I promised myself I’d write at least one post a day for a year. Not sure what to write about.
But the wonderful cellist Leslie Parnas has been on my mind recently. I auditioned for him back when I was a senior in high school. My teacher then was Denis Brott, an intense, creative, headstrong virtuoso whom I hero worshiped–wanted to be, really, but that’s a long story. Anyway, I’d always loved Parnas’s recording of the Beethoven Triple Concerto with Alexander Schnieder and . . . well, I don’t remember who else–it was the extraordinary cello playing that grabbed my attention. (At certain times in my cello life, especially as a teenager, the was the cello part, and everything else was accompaniment or bothersome intrusion!)
When I played for Parnas, my playing was about feeling the feelings of the music and being as expressive as possible, technique and intonation be damned. Denis, who was just in his mid-twenties himself, was partly responsible for this. “I don’t care if you stand on your head and spit green nickels,” he said in one master class for his students at the North Carolina School of the Arts, “as long as you SAY SOMETHING!”
I was intonationally challenged to begin with, but I began to feel that playing expressively and out of tune was almost a badge of honor. (Teenagers!) And I did have so many peers who avoided expressiveness and creativity in their playing in order to play accurately, if dully.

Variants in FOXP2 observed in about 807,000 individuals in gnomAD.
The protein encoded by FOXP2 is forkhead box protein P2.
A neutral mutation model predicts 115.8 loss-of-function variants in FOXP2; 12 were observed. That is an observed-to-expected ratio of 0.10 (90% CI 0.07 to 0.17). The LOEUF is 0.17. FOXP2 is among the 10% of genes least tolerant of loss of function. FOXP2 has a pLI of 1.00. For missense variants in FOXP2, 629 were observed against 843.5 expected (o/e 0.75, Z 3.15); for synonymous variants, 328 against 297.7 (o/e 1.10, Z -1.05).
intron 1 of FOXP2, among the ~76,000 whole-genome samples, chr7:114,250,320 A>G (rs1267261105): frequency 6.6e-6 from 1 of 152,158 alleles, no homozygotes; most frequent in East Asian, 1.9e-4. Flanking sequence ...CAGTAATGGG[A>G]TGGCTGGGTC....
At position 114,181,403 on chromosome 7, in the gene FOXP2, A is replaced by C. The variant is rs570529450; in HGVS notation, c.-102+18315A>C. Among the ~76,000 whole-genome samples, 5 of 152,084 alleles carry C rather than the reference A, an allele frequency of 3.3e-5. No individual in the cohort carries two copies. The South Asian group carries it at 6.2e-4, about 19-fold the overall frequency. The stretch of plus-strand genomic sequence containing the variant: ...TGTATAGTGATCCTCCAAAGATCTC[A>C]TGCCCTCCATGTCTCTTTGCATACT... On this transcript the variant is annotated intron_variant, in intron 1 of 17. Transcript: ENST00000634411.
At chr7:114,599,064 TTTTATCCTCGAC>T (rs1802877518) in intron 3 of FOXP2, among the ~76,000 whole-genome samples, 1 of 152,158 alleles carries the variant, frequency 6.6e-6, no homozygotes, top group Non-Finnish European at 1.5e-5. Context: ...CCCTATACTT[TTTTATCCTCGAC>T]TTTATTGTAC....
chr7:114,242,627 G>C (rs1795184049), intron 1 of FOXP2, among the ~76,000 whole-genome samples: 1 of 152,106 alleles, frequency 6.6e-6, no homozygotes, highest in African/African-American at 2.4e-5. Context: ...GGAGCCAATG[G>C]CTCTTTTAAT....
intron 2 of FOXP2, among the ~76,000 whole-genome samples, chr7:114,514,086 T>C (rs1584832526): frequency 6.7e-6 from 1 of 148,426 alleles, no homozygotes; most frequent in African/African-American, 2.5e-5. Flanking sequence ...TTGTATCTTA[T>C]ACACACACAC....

I think Parnas was tough on making me get the cello really in tune before I started playing for him. (He certainly was a few years later when I played for him in a master class. My D string was false, but he kept asking me, “is that in tune enough for you? It’s not in tune enough for me.” It went on and on; the rest of that class is yet another story.) I started playing the Debussy sonata for him, with great theatrical involvement; I was the drunk Pierrot distraught at being rejected by his lover. Into my fantasy world intruded a somewhat sweet voice. “I don’t think that’s in tune.”
I remember it being a great lesson. We discussed phrasing at great length, and I had the sense that if I studied with him my creativity would grow endlessly. I ended up staying at NCSA with Denis another year, and then going on to Juilliard.
I often wonder how I would developed had I studied for an extended period with Leslie Parnas. When I was practicing today, I imagined I was playing for him. I was more in tune and more musical. So thanks, Mr. Parnas.